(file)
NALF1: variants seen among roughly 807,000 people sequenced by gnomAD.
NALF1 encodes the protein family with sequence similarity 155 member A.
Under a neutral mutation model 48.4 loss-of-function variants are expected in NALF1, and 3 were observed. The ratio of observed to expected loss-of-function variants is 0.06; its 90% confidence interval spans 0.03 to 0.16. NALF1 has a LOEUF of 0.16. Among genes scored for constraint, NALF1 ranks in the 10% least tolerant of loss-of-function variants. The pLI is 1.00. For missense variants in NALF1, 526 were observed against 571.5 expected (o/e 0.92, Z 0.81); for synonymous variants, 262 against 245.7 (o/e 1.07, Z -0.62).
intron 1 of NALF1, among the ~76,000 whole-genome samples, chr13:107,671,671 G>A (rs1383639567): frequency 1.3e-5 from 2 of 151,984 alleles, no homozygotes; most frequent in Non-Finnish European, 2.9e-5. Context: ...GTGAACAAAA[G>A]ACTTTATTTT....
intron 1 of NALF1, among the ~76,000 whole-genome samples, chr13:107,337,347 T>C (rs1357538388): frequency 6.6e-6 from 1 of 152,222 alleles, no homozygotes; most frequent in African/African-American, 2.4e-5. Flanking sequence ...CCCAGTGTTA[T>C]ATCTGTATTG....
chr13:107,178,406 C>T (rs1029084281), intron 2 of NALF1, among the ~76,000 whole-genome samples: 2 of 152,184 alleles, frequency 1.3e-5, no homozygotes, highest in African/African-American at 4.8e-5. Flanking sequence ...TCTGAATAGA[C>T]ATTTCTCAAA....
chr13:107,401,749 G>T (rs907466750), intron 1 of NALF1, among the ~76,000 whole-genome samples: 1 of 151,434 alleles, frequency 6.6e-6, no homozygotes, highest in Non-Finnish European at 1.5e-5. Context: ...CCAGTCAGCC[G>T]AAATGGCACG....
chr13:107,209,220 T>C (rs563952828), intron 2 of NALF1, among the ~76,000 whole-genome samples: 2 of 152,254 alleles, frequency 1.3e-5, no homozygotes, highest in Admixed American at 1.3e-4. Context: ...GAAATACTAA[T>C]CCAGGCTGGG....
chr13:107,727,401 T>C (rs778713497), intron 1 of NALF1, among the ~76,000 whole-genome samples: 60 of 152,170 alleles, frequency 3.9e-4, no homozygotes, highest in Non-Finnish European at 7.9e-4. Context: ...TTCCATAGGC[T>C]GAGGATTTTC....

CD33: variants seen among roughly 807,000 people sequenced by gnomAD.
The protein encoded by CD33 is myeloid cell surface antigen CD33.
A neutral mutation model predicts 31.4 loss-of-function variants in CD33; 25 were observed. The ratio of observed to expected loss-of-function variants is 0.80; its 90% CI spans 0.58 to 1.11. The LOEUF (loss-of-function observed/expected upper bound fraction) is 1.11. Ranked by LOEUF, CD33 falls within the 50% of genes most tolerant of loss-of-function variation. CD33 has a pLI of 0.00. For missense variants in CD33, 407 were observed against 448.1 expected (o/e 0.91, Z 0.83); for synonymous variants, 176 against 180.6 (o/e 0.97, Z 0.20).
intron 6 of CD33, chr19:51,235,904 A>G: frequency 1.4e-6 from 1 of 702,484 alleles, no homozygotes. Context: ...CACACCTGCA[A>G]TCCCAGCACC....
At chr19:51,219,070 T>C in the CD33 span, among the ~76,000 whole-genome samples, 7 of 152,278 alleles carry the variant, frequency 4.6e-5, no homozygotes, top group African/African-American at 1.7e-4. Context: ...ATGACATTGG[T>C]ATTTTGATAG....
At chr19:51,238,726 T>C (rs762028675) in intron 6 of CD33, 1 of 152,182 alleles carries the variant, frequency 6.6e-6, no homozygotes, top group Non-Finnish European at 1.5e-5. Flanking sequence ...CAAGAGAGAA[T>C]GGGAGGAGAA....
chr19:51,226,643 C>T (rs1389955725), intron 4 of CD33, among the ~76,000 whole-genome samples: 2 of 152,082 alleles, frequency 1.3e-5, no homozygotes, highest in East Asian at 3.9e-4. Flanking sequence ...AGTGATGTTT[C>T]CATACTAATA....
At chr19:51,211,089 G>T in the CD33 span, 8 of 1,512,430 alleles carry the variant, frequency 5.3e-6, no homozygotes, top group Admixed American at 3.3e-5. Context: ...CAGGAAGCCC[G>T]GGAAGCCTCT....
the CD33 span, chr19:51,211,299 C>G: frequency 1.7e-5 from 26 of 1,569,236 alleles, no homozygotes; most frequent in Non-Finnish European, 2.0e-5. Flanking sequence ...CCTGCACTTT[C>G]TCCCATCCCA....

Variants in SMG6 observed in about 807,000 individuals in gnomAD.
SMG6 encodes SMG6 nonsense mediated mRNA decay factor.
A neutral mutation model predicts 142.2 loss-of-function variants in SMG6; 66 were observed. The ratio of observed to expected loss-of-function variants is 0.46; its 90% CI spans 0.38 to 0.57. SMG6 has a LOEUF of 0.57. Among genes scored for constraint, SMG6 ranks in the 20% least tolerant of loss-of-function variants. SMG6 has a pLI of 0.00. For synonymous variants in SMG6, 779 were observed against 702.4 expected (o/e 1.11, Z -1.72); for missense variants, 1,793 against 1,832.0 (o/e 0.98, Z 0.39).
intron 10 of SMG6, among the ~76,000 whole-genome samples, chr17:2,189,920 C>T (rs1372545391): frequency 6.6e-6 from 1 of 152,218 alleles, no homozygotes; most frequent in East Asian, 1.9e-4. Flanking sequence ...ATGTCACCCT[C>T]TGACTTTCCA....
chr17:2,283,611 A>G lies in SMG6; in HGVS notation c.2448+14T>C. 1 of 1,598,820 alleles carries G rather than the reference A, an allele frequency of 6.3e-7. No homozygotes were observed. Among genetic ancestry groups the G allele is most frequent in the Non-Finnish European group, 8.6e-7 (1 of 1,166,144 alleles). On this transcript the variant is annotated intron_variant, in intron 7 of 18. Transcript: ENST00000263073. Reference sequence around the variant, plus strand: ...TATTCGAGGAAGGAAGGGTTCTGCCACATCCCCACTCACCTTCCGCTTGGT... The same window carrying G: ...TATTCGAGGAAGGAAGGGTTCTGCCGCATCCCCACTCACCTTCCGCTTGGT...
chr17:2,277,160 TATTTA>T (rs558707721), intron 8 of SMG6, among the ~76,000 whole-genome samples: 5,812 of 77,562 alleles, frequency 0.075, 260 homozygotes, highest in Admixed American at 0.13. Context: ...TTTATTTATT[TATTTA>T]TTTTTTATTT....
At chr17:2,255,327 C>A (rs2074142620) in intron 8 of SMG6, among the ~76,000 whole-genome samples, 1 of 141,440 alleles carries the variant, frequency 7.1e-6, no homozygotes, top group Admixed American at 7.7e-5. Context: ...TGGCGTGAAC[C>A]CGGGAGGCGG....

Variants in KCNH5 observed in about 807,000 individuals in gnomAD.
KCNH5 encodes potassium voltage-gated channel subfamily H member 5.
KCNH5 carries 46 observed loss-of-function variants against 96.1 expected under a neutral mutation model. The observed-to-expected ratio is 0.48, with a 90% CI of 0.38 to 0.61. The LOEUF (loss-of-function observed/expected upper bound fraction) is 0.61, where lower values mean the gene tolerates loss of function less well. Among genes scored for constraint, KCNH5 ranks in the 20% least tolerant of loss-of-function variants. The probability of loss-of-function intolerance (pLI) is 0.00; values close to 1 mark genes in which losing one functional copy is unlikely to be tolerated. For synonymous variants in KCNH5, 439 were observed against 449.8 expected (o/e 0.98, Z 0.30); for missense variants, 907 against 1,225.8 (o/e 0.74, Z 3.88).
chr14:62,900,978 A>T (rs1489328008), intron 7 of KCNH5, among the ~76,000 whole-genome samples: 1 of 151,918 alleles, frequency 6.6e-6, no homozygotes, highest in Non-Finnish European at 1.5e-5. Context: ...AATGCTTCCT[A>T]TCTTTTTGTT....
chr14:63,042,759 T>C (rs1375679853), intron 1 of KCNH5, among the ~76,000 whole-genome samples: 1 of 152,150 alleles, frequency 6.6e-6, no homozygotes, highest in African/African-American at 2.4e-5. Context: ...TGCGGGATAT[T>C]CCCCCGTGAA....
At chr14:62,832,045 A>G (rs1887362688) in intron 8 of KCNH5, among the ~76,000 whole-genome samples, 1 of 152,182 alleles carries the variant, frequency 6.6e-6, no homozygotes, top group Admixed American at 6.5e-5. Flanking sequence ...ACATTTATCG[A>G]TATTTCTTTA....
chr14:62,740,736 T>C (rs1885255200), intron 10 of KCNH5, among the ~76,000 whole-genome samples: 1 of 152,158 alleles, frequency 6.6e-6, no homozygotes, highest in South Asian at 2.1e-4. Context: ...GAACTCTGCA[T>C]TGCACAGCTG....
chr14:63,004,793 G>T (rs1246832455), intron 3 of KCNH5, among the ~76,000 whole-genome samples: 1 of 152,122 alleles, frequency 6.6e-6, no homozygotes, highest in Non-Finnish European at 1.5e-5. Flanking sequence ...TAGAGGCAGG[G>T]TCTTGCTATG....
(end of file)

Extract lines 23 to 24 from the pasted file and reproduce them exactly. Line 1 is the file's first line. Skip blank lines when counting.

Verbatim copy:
chr17:2,283,611 A>G lies in SMG6; in HGVS notation c.2448+14T>C. 1 of 1,598,820 alleles carries G rather than the reference A, an allele frequency of 6.3e-7. No homozygotes were observed. Among genetic ancestry groups the G allele is most frequent in the Non-Finnish European group, 8.6e-7 (1 of 1,166,144 alleles). On this transcript the variant is annotated intron_variant, in intron 7 of 18. Transcript: ENST00000263073. Reference sequence around the variant, plus strand: ...TATTCGAGGAAGGAAGGGTTCTGCCACATCCCCACTCACCTTCCGCTTGGT... The same window carrying G: ...TATTCGAGGAAGGAAGGGTTCTGCCGCATCCCCACTCACCTTCCGCTTGGT...
chr17:2,277,160 TATTTA>T (rs558707721), intron 8 of SMG6, among the ~76,000 whole-genome samples: 5,812 of 77,562 alleles, frequency 0.075, 260 homozygotes, highest in Admixed American at 0.13. Context: ...TTTATTTATT[TATTTA>T]TTTTTTATTT....